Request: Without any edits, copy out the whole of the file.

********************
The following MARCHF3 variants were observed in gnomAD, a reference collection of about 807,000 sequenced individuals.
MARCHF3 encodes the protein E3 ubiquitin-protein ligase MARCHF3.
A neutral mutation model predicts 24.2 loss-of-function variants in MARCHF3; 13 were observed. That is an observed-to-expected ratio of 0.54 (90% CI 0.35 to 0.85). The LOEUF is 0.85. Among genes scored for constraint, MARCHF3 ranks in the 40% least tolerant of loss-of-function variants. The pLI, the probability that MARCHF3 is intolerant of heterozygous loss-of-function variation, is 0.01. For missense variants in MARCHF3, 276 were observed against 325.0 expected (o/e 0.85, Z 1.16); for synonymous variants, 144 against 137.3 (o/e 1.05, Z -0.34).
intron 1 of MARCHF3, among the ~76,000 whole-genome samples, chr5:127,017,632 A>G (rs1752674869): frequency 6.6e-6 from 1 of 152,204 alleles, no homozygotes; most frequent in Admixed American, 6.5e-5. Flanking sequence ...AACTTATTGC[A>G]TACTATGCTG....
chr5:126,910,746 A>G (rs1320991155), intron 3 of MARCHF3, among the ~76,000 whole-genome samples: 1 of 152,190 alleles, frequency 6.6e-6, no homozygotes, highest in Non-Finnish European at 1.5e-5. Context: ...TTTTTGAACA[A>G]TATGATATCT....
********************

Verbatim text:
The following MARCHF3 variants were observed in gnomAD, a reference collection of about 807,000 sequenced individuals.
MARCHF3 encodes the protein E3 ubiquitin-protein ligase MARCHF3.
A neutral mutation model predicts 24.2 loss-of-function variants in MARCHF3; 13 were observed. That is an observed-to-expected ratio of 0.54 (90% CI 0.35 to 0.85). The LOEUF is 0.85. Among genes scored for constraint, MARCHF3 ranks in the 40% least tolerant of loss-of-function variants. The pLI, the probability that MARCHF3 is intolerant of heterozygous loss-of-function variation, is 0.01. For missense variants in MARCHF3, 276 were observed against 325.0 expected (o/e 0.85, Z 1.16); for synonymous variants, 144 against 137.3 (o/e 1.05, Z -0.34).
intron 1 of MARCHF3, among the ~76,000 whole-genome samples, chr5:127,017,632 A>G (rs1752674869): frequency 6.6e-6 from 1 of 152,204 alleles, no homozygotes; most frequent in Admixed American, 6.5e-5. Flanking sequence ...AACTTATTGC[A>G]TACTATGCTG....
chr5:126,910,746 A>G (rs1320991155), intron 3 of MARCHF3, among the ~76,000 whole-genome samples: 1 of 152,190 alleles, frequency 6.6e-6, no homozygotes, highest in Non-Finnish European at 1.5e-5. Context: ...TTTTTGAACA[A>G]TATGATATCT....